From Out of the Dark of the Night

I have often supported people who are going through the really tough times in life – marriage breakdowns, finding out about a partner’s affairs, dealing with conflict or bullying in the workplace, diagnosis of serious illness – the life-changing events that make your emotional anchor come loose. In the midst of trying [...]

I have often supported people who are going through the really tough times in life – marriage breakdowns, finding out about a partner’s affairs, dealing with conflict or bullying in the workplace, diagnosis of serious illness – the life-changing events that make your emotional anchor come loose.

In the midst of trying to make sense of their situation and find a route out, people are also struggling with incredible stress, sleeplessness, anxiety, as well as the most powerful emotions – anger, deep sadness, and a sense of betrayal. It is very hard to offer any hope to people who are immersed in such blackness and despondency. This could be the worst situation they have faced so far in life, so they have no recognition that there will eventually be something positive that develops out of the devastation. They have no sense of comfort of a brighter future.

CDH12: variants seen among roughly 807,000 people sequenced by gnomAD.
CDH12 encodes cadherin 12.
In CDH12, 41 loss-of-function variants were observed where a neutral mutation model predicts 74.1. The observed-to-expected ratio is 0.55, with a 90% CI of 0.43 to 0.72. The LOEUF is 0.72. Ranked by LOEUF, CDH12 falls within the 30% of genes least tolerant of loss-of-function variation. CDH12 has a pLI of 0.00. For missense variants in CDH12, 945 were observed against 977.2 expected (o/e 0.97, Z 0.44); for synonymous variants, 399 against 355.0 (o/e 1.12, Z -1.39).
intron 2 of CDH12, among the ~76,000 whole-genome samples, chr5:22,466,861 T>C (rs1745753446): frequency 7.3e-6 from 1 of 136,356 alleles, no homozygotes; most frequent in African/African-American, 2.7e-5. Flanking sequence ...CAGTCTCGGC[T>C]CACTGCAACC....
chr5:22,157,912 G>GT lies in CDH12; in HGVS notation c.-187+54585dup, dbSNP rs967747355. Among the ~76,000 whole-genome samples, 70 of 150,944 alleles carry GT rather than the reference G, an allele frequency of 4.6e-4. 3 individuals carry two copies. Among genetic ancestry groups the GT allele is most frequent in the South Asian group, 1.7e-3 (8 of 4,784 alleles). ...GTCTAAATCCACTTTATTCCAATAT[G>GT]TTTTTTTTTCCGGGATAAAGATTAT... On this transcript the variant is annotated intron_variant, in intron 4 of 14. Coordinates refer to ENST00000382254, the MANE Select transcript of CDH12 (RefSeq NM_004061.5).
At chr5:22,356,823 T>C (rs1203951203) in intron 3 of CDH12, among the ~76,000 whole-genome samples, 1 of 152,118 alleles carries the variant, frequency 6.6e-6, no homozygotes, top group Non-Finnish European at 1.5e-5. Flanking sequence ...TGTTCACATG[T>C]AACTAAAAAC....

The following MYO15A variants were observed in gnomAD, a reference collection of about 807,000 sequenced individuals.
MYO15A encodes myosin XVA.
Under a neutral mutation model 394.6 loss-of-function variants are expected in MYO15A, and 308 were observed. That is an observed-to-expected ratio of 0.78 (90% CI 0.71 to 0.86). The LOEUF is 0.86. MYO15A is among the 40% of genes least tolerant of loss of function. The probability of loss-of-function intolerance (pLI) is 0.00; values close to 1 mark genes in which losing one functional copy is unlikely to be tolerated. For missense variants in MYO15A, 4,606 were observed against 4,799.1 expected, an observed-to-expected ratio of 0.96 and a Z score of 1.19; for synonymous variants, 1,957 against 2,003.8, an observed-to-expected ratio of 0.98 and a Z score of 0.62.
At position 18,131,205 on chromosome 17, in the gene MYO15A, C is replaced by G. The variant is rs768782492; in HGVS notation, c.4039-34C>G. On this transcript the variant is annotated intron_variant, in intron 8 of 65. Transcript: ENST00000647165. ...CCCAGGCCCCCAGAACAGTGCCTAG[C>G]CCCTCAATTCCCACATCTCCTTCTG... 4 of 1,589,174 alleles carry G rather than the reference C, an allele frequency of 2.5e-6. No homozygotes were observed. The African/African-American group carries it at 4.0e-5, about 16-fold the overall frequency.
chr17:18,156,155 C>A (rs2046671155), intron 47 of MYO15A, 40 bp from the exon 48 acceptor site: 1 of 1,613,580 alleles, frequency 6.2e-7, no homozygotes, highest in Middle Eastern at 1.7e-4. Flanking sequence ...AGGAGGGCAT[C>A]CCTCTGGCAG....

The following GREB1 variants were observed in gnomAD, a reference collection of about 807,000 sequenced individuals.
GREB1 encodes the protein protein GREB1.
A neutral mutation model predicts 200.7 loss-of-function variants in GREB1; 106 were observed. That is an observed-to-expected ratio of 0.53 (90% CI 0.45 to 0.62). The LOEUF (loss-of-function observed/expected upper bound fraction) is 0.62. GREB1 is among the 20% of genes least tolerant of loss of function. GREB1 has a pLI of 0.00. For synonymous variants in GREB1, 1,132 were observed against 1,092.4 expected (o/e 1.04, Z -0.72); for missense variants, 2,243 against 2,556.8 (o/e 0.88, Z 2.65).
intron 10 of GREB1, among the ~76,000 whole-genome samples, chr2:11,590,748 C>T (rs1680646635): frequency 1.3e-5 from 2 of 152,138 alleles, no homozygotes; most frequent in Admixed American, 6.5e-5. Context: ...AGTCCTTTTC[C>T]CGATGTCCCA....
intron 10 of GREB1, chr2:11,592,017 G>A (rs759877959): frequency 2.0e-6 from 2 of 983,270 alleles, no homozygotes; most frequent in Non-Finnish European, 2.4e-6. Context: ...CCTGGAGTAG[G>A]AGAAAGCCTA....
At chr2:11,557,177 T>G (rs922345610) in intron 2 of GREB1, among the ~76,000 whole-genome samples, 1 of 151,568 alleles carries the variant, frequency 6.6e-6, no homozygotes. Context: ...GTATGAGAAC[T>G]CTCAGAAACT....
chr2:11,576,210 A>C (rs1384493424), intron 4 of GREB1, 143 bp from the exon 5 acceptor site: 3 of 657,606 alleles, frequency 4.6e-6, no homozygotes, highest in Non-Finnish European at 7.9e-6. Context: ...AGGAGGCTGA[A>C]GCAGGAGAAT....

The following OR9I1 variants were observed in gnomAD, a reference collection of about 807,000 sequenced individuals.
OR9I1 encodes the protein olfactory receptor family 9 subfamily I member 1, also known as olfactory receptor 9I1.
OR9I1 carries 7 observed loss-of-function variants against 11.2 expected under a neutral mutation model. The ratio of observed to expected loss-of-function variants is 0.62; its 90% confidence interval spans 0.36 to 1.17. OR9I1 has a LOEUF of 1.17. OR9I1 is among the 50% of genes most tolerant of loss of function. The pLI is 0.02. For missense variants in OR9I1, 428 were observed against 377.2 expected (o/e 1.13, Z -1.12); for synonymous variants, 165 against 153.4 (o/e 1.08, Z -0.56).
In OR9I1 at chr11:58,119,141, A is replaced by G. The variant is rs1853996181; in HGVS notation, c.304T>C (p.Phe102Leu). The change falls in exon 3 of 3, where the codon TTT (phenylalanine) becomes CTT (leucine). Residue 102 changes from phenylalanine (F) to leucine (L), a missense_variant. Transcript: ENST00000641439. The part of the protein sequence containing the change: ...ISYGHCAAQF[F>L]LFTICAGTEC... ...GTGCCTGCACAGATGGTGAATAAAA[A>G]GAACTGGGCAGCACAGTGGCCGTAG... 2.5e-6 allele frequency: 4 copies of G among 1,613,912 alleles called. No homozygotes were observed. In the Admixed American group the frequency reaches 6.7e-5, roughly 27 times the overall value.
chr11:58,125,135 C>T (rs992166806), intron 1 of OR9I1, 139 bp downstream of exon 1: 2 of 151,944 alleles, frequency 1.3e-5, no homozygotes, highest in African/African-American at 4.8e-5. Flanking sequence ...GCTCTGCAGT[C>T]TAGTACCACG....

This recognition and comfort comes only once you have been through such a terrible event – because you learn that you can survive and rebuild your life. And if you can go through such an event and see that the world moves on and good things come along afterwards, then that is the comfort you hold inside you in future times when things go wrong.

But when you’re in deep for the first time, there is no such point of reference.

Most people identify that they want to make it through (only the clinically depressed feel differently and they need the services of their local mental health team, not a coach). Most people have a sense that this wrong that has been done to them will be overcome, and their sense of pride and belief that they have acted honourably may be all that is keeping them going.

I give these people a copy of my favourite poem. It offers reassurance and re-affirms peoples’ sense of purpose and pride far more eloquently than I can.

Invictus by William Ernest Henley

Out of the night that covers me,
Black as the Pit from pole to pole,
I thank whatever gods may be
For my unconquerable soul.

In the fell clutch of circumstance
I have not winced nor cried aloud.
Under the bludgeoning of chance
My head is bloody, but unbowed.

Beyond this place of wrath and tears
Looms but the Horror of the shade,
And yet the menace of the years
Finds, and shall find me, unafraid.

It matters not how strait the gate,
How charged with punishments the scroll
I am the master of my fate:
I am the captain of my soul.

Article by Pauline McKittrick, of ReallyGoodLife
www.reallygoodlife.org

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